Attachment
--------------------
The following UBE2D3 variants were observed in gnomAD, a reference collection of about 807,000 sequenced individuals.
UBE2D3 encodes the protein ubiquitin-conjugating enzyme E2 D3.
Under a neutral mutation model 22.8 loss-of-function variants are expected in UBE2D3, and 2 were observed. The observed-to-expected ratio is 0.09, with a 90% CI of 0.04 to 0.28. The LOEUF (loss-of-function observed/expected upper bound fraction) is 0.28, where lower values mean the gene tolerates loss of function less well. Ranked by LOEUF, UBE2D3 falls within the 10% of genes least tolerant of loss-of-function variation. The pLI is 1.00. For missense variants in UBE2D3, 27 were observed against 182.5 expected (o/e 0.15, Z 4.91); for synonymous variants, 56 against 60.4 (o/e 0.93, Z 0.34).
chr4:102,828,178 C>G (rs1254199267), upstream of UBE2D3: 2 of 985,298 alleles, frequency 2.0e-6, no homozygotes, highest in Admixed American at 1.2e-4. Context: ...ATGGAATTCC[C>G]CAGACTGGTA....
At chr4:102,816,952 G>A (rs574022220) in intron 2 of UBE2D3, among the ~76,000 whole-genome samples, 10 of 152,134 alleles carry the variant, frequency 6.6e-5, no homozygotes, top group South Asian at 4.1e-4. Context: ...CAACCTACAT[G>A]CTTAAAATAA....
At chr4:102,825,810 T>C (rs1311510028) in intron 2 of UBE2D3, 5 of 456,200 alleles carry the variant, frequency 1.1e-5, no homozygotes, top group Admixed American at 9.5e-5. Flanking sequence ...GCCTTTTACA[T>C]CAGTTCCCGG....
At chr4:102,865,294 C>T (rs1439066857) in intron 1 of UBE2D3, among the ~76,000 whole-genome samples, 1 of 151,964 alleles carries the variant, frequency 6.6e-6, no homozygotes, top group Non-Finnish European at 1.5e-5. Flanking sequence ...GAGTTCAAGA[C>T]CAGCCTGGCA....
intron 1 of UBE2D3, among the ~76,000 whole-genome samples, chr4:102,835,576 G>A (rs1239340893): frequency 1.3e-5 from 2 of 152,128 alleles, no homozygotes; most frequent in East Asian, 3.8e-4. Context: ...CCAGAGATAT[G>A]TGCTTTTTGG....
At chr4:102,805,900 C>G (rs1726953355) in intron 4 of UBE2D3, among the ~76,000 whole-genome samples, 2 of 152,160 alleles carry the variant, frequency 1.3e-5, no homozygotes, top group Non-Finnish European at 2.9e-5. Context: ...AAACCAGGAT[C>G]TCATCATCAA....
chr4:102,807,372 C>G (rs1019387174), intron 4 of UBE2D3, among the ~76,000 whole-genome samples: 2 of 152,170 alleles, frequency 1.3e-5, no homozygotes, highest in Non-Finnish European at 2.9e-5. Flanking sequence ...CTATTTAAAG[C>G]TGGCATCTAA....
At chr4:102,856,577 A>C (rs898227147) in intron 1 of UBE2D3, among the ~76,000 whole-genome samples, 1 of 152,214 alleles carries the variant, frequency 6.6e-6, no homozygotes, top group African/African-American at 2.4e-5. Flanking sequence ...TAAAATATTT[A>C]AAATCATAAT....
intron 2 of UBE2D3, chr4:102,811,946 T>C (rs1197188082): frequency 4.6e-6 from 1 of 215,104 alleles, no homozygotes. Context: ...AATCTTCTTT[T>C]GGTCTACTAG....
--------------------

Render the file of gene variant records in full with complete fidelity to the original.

The following UBE2D3 variants were observed in gnomAD, a reference collection of about 807,000 sequenced individuals.
UBE2D3 encodes the protein ubiquitin-conjugating enzyme E2 D3.
Under a neutral mutation model 22.8 loss-of-function variants are expected in UBE2D3, and 2 were observed. The observed-to-expected ratio is 0.09, with a 90% CI of 0.04 to 0.28. The LOEUF (loss-of-function observed/expected upper bound fraction) is 0.28, where lower values mean the gene tolerates loss of function less well. Ranked by LOEUF, UBE2D3 falls within the 10% of genes least tolerant of loss-of-function variation. The pLI is 1.00. For missense variants in UBE2D3, 27 were observed against 182.5 expected (o/e 0.15, Z 4.91); for synonymous variants, 56 against 60.4 (o/e 0.93, Z 0.34).
chr4:102,828,178 C>G (rs1254199267), upstream of UBE2D3: 2 of 985,298 alleles, frequency 2.0e-6, no homozygotes, highest in Admixed American at 1.2e-4. Context: ...ATGGAATTCC[C>G]CAGACTGGTA....
At chr4:102,816,952 G>A (rs574022220) in intron 2 of UBE2D3, among the ~76,000 whole-genome samples, 10 of 152,134 alleles carry the variant, frequency 6.6e-5, no homozygotes, top group South Asian at 4.1e-4. Context: ...CAACCTACAT[G>A]CTTAAAATAA....
At chr4:102,825,810 T>C (rs1311510028) in intron 2 of UBE2D3, 5 of 456,200 alleles carry the variant, frequency 1.1e-5, no homozygotes, top group Admixed American at 9.5e-5. Flanking sequence ...GCCTTTTACA[T>C]CAGTTCCCGG....
At chr4:102,865,294 C>T (rs1439066857) in intron 1 of UBE2D3, among the ~76,000 whole-genome samples, 1 of 151,964 alleles carries the variant, frequency 6.6e-6, no homozygotes, top group Non-Finnish European at 1.5e-5. Flanking sequence ...GAGTTCAAGA[C>T]CAGCCTGGCA....
intron 1 of UBE2D3, among the ~76,000 whole-genome samples, chr4:102,835,576 G>A (rs1239340893): frequency 1.3e-5 from 2 of 152,128 alleles, no homozygotes; most frequent in East Asian, 3.8e-4. Context: ...CCAGAGATAT[G>A]TGCTTTTTGG....
At chr4:102,805,900 C>G (rs1726953355) in intron 4 of UBE2D3, among the ~76,000 whole-genome samples, 2 of 152,160 alleles carry the variant, frequency 1.3e-5, no homozygotes, top group Non-Finnish European at 2.9e-5. Context: ...AAACCAGGAT[C>G]TCATCATCAA....
chr4:102,807,372 C>G (rs1019387174), intron 4 of UBE2D3, among the ~76,000 whole-genome samples: 2 of 152,170 alleles, frequency 1.3e-5, no homozygotes, highest in Non-Finnish European at 2.9e-5. Flanking sequence ...CTATTTAAAG[C>G]TGGCATCTAA....
At chr4:102,856,577 A>C (rs898227147) in intron 1 of UBE2D3, among the ~76,000 whole-genome samples, 1 of 152,214 alleles carries the variant, frequency 6.6e-6, no homozygotes, top group African/African-American at 2.4e-5. Flanking sequence ...TAAAATATTT[A>C]AAATCATAAT....
intron 2 of UBE2D3, chr4:102,811,946 T>C (rs1197188082): frequency 4.6e-6 from 1 of 215,104 alleles, no homozygotes. Context: ...AATCTTCTTT[T>C]GGTCTACTAG....